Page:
Tuesday, October 23, 2007

What language to choose for Harmony GC development?

During Harmony GC development starting from GCv5, I made a design decision that we should try to keep the programming language "C" compatible. Although GCv5 uses certain C++ style, e.g., the source file names are using cpp suffix, we tried to avoid any C++ specific things.

The reasons I chose C for GCv5 development are:

1. We want GCv5 to control all its own memory, i.e., there is no hidden memory management brought in by the language. Writing GC in C++ doesn’t cause serious problem in this issue, but the problem is obvious when writing GC in Java, where there are lots of hidden objects allocated.

2. We try to keep GCv5’s capability for other runtimes written in C, which is common in open source community, such as Linux kernel, gcj, Ruby, etc. We expect one day GCv5 can be applied to some of them, although I don’t know when it will. We had successfully ported a version of GC to Ruby 1.9 last year.

3. We want to make GCv5 self-sufficient with all its own encapsulated utils, so that it can be easily ported to other languages if we want. For example, this design makes it very easy to write GC Runtime Helpers in Java. (I will talk about the runtime helpers later.)

4. In the early stage of GCv5 development, I used some C++ data structures such as linked list, vector, etc., then I removed them gradually, because we want to have delicate control on synchronous accesses to the data structures, such as sync-queue, sync-list, etc.

The arguments above are not strong enough though. I have to say it’s also kind of perfectionism. :)

Monday, October 15, 2007

Debugger for Java*/JNI Environments

Everybody who writes Java*/Native applications faces debugging problem. It is really difficult to write large applications since one have to use at least 2 debuggers to debug the program. One have to start application from Java* debugger and attach to the process with native one and switch between them during debugging process [1]. Until now!

The good news is Intel released integrated debugger for Java*/JNI environments. It allows to easily debug mixed mode application and pretty easy to install since is implemented as plug-in for Eclipse platform. Mixed mode debugger needs NCAI (Native Call Access Support) implementation in VM which is an expansion of JVMTI interface. Currently the only VM supporting this interface is Apache Harmony VM.

The debugger has pretty straight forward installation guide and intuitive interface. It’s a great step to make Java* easier to use with native libraries.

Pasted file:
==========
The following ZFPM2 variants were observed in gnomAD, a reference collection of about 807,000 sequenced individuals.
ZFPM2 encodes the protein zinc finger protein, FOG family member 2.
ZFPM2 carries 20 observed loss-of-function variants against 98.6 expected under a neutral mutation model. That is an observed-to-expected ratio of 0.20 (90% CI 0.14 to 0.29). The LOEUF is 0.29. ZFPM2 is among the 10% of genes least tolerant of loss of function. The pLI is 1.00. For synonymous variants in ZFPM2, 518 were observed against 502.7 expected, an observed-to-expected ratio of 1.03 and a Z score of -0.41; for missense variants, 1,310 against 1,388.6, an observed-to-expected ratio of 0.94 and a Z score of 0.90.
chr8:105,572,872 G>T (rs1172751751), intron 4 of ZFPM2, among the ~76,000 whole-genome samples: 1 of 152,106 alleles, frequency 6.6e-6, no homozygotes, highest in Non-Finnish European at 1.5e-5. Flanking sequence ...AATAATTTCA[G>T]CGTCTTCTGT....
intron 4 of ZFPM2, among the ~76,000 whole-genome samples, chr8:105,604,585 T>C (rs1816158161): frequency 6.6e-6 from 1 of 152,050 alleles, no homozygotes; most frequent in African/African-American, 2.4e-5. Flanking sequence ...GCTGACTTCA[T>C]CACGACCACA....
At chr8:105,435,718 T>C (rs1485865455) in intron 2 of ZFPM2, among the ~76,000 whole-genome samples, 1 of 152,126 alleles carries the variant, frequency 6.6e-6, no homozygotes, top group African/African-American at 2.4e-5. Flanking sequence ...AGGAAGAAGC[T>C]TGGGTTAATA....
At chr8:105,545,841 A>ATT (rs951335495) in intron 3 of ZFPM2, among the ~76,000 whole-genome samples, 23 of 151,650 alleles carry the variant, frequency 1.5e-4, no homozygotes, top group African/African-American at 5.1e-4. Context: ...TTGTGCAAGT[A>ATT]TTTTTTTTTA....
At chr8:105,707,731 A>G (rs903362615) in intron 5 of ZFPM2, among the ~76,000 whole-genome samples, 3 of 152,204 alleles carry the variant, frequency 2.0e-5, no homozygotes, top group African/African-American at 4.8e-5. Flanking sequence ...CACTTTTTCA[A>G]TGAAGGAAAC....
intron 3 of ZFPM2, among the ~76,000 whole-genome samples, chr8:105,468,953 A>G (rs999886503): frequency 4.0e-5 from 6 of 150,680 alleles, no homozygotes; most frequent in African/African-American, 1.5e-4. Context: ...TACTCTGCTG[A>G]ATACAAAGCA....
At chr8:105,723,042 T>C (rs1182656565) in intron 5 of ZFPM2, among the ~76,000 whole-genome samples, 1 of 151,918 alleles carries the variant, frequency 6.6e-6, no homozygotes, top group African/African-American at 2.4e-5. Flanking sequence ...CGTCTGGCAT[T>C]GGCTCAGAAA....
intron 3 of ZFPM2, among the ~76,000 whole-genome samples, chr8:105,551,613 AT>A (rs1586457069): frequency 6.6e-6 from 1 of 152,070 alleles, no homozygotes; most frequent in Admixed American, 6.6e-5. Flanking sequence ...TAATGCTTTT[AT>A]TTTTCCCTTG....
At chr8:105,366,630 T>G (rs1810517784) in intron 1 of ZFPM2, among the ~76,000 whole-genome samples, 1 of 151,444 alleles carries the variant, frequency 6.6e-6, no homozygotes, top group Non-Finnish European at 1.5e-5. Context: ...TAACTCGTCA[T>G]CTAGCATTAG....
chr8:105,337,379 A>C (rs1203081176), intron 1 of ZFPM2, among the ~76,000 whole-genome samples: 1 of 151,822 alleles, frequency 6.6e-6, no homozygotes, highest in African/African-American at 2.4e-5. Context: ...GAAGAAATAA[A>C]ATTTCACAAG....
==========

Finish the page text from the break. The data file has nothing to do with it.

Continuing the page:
[1] There is number of links dedicated to the problem:

Saturday, October 13, 2007

EIOffice with Harmony

It's a good news to Apache Harmony community that, a developer testing version (v0.02) of "EIOffice with Harmony" bundle was released on sourceforge at http://sourceforge.net/projects/eio-harmony/.

EIOffice is an office suite written in pure Java based on Java swing. It has complete functionalities for document processing, presentation creation, and spreadsheet generation. EIOffice is developed by Evermore Software Co., a company locating in Wuxi city, Jiangsu province of China. EIOffice is the abbreviation of "Evermore Integrated Office", so sometimes it's called EIO as well. It's "integrated" because it is a single application that support all the three types of office documents processing (document, presentation and spreadsheet). The data can be "linked" between them, such as from a spreadsheet into a report presentation. One an update is made to one site, all its linked sites will be updated accordingly and automatically.

The real appealing feature of EIOffice to a software developer is, it's written in pure Java, but there is no obvious performance issue in my using experience. And the memory footprint is acceptable (or surprisingly lower than expected).

To make EIOffice to work with Harmony is a serious exercise on Harmony graphics classlib support (swing/awt/Java2D). It's said EIOffice the world-largest single (desktop) application written in Java. Once Harmony can run all its functionalities smoothly, that probably means Harmony is ready for any Java desktop applications. The current bundle is version 0.02. It's still a long way to go, but considering the fast progress of Apache Harmony development, I believe a version 1.0 could be expected in a couple of quarters.